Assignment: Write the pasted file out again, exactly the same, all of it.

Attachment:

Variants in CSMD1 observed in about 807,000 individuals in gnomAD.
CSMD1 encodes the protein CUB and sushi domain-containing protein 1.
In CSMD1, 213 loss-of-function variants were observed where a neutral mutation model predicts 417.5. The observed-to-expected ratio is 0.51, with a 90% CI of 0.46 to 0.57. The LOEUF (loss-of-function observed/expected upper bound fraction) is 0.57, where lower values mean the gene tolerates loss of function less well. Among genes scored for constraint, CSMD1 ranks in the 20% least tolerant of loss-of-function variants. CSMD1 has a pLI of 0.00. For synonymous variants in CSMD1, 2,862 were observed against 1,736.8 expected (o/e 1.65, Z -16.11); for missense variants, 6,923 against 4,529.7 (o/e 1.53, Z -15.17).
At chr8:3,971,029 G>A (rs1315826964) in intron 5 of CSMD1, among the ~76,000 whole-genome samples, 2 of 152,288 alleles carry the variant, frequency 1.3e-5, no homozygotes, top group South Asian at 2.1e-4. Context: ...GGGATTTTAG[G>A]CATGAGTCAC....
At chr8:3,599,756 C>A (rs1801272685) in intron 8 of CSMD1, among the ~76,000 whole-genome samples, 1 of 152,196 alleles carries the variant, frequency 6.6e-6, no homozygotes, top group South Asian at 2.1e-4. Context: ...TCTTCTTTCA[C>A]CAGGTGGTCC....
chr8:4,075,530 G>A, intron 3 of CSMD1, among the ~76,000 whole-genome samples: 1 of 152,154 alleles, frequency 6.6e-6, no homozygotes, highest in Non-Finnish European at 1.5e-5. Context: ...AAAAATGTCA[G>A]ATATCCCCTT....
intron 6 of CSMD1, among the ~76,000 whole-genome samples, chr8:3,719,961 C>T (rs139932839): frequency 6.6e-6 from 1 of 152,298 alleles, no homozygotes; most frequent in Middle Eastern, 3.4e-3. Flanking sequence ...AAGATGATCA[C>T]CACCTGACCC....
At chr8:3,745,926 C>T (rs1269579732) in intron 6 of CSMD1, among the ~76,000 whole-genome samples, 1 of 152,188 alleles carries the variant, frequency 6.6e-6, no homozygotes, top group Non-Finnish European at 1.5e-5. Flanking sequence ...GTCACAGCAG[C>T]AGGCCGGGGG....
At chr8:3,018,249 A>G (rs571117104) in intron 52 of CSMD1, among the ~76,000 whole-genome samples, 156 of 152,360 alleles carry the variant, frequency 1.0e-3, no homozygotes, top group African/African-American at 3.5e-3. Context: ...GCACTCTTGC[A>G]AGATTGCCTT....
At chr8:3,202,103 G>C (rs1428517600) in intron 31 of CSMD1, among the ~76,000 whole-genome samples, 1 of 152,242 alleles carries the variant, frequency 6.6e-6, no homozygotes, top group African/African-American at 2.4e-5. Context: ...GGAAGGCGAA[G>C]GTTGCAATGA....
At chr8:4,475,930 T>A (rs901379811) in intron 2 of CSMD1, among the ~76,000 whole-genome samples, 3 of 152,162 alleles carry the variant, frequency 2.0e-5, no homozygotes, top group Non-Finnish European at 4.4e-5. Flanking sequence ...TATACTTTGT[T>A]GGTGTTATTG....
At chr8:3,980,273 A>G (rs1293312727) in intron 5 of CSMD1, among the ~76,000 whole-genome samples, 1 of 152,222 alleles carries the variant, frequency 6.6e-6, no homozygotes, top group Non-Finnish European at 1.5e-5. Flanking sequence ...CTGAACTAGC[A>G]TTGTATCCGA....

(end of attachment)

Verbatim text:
Variants in CSMD1 observed in about 807,000 individuals in gnomAD.
CSMD1 encodes the protein CUB and sushi domain-containing protein 1.
In CSMD1, 213 loss-of-function variants were observed where a neutral mutation model predicts 417.5. The observed-to-expected ratio is 0.51, with a 90% CI of 0.46 to 0.57. The LOEUF (loss-of-function observed/expected upper bound fraction) is 0.57, where lower values mean the gene tolerates loss of function less well. Among genes scored for constraint, CSMD1 ranks in the 20% least tolerant of loss-of-function variants. CSMD1 has a pLI of 0.00. For synonymous variants in CSMD1, 2,862 were observed against 1,736.8 expected (o/e 1.65, Z -16.11); for missense variants, 6,923 against 4,529.7 (o/e 1.53, Z -15.17).
At chr8:3,971,029 G>A (rs1315826964) in intron 5 of CSMD1, among the ~76,000 whole-genome samples, 2 of 152,288 alleles carry the variant, frequency 1.3e-5, no homozygotes, top group South Asian at 2.1e-4. Context: ...GGGATTTTAG[G>A]CATGAGTCAC....
At chr8:3,599,756 C>A (rs1801272685) in intron 8 of CSMD1, among the ~76,000 whole-genome samples, 1 of 152,196 alleles carries the variant, frequency 6.6e-6, no homozygotes, top group South Asian at 2.1e-4. Context: ...TCTTCTTTCA[C>A]CAGGTGGTCC....
chr8:4,075,530 G>A, intron 3 of CSMD1, among the ~76,000 whole-genome samples: 1 of 152,154 alleles, frequency 6.6e-6, no homozygotes, highest in Non-Finnish European at 1.5e-5. Context: ...AAAAATGTCA[G>A]ATATCCCCTT....
intron 6 of CSMD1, among the ~76,000 whole-genome samples, chr8:3,719,961 C>T (rs139932839): frequency 6.6e-6 from 1 of 152,298 alleles, no homozygotes; most frequent in Middle Eastern, 3.4e-3. Flanking sequence ...AAGATGATCA[C>T]CACCTGACCC....
At chr8:3,745,926 C>T (rs1269579732) in intron 6 of CSMD1, among the ~76,000 whole-genome samples, 1 of 152,188 alleles carries the variant, frequency 6.6e-6, no homozygotes, top group Non-Finnish European at 1.5e-5. Flanking sequence ...GTCACAGCAG[C>T]AGGCCGGGGG....
At chr8:3,018,249 A>G (rs571117104) in intron 52 of CSMD1, among the ~76,000 whole-genome samples, 156 of 152,360 alleles carry the variant, frequency 1.0e-3, no homozygotes, top group African/African-American at 3.5e-3. Context: ...GCACTCTTGC[A>G]AGATTGCCTT....
At chr8:3,202,103 G>C (rs1428517600) in intron 31 of CSMD1, among the ~76,000 whole-genome samples, 1 of 152,242 alleles carries the variant, frequency 6.6e-6, no homozygotes, top group African/African-American at 2.4e-5. Context: ...GGAAGGCGAA[G>C]GTTGCAATGA....
At chr8:4,475,930 T>A (rs901379811) in intron 2 of CSMD1, among the ~76,000 whole-genome samples, 3 of 152,162 alleles carry the variant, frequency 2.0e-5, no homozygotes, top group Non-Finnish European at 4.4e-5. Flanking sequence ...TATACTTTGT[T>A]GGTGTTATTG....
At chr8:3,980,273 A>G (rs1293312727) in intron 5 of CSMD1, among the ~76,000 whole-genome samples, 1 of 152,222 alleles carries the variant, frequency 6.6e-6, no homozygotes, top group Non-Finnish European at 1.5e-5. Flanking sequence ...CTGAACTAGC[A>G]TTGTATCCGA....